Let’s Get Physical – The Case for Physical Agile Artifacts

06. January 2015 0
Let’s Get Physical – The Case for Physical Agile Artifacts

One of the many observations made by new agilists regards the use of paper in an agile team. Between task boards, backlogs, release plans, goals, and other formal (and informal) artifacts, there is a lot of paper used. Let’s face it: we know Post-It sales have increased with the popularity of Agile methods!

A considerable amount of time is spent creating – and maintaining – the “big visible indicators of progress” for a typical agile team. It’s sometimes hard to understand why these physical artifacts are important, especially if the team is also using an online Application Lifecycle Management (ALM) tool to facilitate the agile process.

When I was first introduced to scrum, I spent so much time creating and maintaining those physical artifacts that I called those development and maintenance tasks “Scrum Master Arts and Crafts Time.” This wasn’t a fair name for several reasons, not the least of which was that the Product Owner and our team’s BA worked right alongside me to create those artifacts… and our output usually wasn’t very artistic at all. But I digress!

The point here is that I didn’t think the team needed physical artifacts in addition to our ALM. Frankly, it seemed like the duplicate efforts were a waste of time – not only for me but for the team as well. After all, the team had continuous access to the ALM, which offered the same sort of progress and metrics trackers we were maintaining in the team space. I looked forward to weaning my new agile team off the physical paper so we could focus our efforts solely on our digital artifacts. After several months working in scrum, the team was tired of maintaining physical task boards and checking physical artifacts in addition to maintaining and checking the ALM artifacts. The team was reasonably mature in scrum understanding and had a strong track record of delivering to its commitment. So, we agreed to go “all digital:” the team gave up all the physical artifacts in favor of the online, ALM-generated task boards and progress trackers. I was pumped! No more Scrum Master Arts and Crafts Time! No more redundant administrative tasks! We would become models of efficiency!

But… it didn’t quite work out that way.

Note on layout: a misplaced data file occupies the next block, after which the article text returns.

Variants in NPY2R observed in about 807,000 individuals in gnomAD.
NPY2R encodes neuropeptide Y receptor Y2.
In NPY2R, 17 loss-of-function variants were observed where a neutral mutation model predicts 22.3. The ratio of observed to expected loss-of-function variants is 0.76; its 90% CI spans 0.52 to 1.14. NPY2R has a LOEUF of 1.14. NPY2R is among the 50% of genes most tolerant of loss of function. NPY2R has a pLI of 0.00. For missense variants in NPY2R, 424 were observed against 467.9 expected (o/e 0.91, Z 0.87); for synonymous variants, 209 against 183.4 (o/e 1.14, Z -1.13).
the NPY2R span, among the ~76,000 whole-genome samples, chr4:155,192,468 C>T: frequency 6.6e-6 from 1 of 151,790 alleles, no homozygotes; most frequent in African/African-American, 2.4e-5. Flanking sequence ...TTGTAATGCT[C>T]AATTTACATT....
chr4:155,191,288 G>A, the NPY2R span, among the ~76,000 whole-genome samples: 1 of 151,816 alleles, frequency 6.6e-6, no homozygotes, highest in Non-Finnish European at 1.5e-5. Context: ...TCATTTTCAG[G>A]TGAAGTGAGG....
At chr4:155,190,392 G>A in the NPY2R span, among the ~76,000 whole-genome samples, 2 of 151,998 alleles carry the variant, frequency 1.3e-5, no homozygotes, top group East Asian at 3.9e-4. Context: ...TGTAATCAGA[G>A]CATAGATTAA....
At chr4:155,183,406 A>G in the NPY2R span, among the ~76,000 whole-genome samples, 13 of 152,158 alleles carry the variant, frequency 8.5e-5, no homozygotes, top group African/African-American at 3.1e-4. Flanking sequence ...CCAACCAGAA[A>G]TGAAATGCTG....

Though everyone had all the same information at their fingertips in the ALM, we quickly lost track of progress against our goals. We bombed our next sprint, missing more than half our committed points. Ouch! But, we attributed this to a one-time blip and continued on. We then missed the next two sprint commitments as well. YIKES!

For this particular team, it seemed the physical artifacts made a big difference in our ability to self-manage toward the completion of the sprint goals and impeded the successful delivery of the Potentially Shippable Product Increment. So, we all agreed to return to using the physical artifacts, and I happily returned to Scrum Master Arts and Crafts time. The team immediately returned to predictable velocity, achieving the sprint commitment on a regular basis; it also went on to become a model of high performance and rapid value delivery. Physical artifacts of progress were used in every sprint thereafter.

This is not a one-time observation. I’ve coached dozens and dozens of teams now, and I’ve seen this basic story repeated in every one. Granted, the details vary from team to team, and the rationale for abandoning and resuming the use of physical artifacts differ slightly as well. But yet in every case, I’ve found that every team that abandons all physical artifacts and trackers loses some momentum and velocity until it restores some physical indicators of progress against key metrics.

I have several theories regarding why this is so – and here are just a few:

Stakeholder transparency: stakeholders will generally not login to your ALM tool, but they will walk by your team space. A physical tracker is your team’s billboard of progress – or lack thereof.
Peer pressure: similarly, other teams walking by the team space will see the same billboard and thus, the team is incented to make more progress and resolve blockers.

Customized Artifacts: physical artifacts are totally customizable to your situation and are limited in design only by your imagination.

Creative Expression: in addition to customization, the team can get creative and have fun with expressing progress in a physical artifact.

Tactile Satisfaction: most people derive a good amount of satisfaction by physically changing a status or drawing a new progress line. Sounds silly but try it – you may find your team agrees.

Let’s be clear: I’m a big fan of digital ALM tooling. There are many reasons why online tools work well, and ALM-driven online tools are essential to enabling a distributed team to collaborate and share the task board in all locations.

However, the most successful teams find some way to physically display progress against goals and metrics. Identification of the specific trackers and metrics that are best will vary from team to team. The one constant is that a high-performance agile product team will always invite feedback and use every opportunity to provide transparency to their process and their deliverables. Invest time in identifying the right metrics and progress trackers that work for the team and its stakeholders, and make sure they are prominently displayed. The investment in creation and maintenance of these physical artifacts is well spent.

Written by Christine Novello

 


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